Allison Grace Cummings Castle Hayne, New Hanover County Project: Family Relationships in the NICU Issue: Patient Family Care Allison focused on making hospital stays more comfortable for families with an infant in the NICU. Allison realized this could be an extremely difficult time for families, and wanted to help parents and siblings feel comforted. She designed an educational NICU coloring book for older siblings to provide a better understanding of the situation, and created NICU milestone cards for the parents to serve as a memory of their journey. Allison also gave a presentation to her classmates to educate them about the NICU. Through her project, Allison helped strengthen family ties while also educating her peers.

2017 Recipients | 11


Nidhi Desai

Amanda Rose Diard

Ashley Lynn Dugan

Cary, Wake County Project: Pages of Change Issue: Immigrant Hardships

Raleigh, Wake County Project: God’s Garden at Hope Reins Issue: Environmental Education

Raleigh, Wake County Project: Children’s Mission Day Issue: Youth Activities

Acknowledging that there were many unseen and unheard of hardships that come with matriculating into a new culture, Nidhi wrote a novel describing the experiences of four different teenage immigrants to help increase awareness and empathy. She interviewed immigrants who had moved to her community to provide accurate details in her novel. Nidhi’s goal was to serve as a medium between immigrants and other students in an effort to help to diminish stereotypes and assumptions. Nidhi helped to create a more welcoming and inclusive society through publication of her novel, which is available online for others to read free of charge.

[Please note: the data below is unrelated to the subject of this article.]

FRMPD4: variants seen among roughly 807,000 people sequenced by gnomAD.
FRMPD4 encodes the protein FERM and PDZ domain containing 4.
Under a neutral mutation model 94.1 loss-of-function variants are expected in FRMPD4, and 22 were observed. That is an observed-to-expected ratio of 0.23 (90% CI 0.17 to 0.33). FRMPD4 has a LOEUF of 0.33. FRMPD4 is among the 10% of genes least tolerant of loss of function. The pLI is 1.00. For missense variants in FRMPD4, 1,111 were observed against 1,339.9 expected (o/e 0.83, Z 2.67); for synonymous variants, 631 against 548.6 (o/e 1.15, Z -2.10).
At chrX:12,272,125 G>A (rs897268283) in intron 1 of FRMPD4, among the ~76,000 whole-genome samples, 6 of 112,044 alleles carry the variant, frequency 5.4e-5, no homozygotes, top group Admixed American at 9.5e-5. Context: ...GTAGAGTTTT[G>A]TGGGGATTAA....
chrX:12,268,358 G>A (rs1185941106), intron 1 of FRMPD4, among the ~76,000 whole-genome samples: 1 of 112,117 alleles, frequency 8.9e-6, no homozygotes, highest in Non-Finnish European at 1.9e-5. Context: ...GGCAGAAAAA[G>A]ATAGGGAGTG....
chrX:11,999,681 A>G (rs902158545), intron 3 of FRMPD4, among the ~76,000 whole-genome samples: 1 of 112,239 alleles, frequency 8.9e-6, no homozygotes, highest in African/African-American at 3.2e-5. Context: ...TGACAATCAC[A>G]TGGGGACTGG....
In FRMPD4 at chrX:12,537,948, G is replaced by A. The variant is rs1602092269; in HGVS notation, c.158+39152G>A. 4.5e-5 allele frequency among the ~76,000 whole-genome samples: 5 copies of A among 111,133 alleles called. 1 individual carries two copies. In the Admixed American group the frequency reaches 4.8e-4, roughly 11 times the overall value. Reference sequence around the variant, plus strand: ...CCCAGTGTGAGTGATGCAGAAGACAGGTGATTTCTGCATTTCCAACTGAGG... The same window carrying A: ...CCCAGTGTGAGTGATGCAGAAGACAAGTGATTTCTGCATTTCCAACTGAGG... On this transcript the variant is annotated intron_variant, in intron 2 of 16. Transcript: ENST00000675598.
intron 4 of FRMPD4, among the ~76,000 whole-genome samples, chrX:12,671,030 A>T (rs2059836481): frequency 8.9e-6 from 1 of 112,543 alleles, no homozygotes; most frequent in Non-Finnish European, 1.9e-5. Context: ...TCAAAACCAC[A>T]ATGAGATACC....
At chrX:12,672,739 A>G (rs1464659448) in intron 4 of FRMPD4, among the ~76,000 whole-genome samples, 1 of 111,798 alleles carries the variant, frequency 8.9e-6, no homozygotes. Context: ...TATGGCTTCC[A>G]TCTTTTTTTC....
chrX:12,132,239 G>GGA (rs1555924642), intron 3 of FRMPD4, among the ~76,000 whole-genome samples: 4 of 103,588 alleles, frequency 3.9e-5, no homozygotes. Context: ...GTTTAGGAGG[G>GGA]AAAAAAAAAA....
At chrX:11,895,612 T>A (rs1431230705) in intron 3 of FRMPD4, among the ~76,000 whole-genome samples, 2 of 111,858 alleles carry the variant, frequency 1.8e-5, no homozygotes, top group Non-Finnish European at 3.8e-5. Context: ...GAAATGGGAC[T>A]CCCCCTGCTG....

In an effort to improve the learning of children who benefit from Hope Reins, Amanda renovated the garden on premises called God’s Garden and donated environmental learning resources. The garden, which provides visitors with fresh produce and knowledge about plants and nutrients, was in need of several repairs in order to continue its mission of serving the local community. Realizing the importance of the garden, Amanda spruced up its appearance, created a storage area for supplies, and built a walkway for easy access. In addition, she created an educational workbook to supplement the garden along with a fun and immersive scavenger hunt activity. Amanda wrote a blog sharing her project and recipes utilizing the plants, and hosted an event at which she taught children how to use the garden to make flavorful meals.

To educate children on ways that they could make a difference in their community, Ashley planned a mission day at her church for young members. She taught the children the importance of service, how they could get involved, and led them in projects benefitting the community to inspire them to get started helping others. The activities included making and delivering flowerpots to homebound members of the church and packing kindness bags to be distributed during services to those in need. Ashley’s project not only benefitted the children, but the elderly who enjoyed the chance to meet and interact with younger members of the church.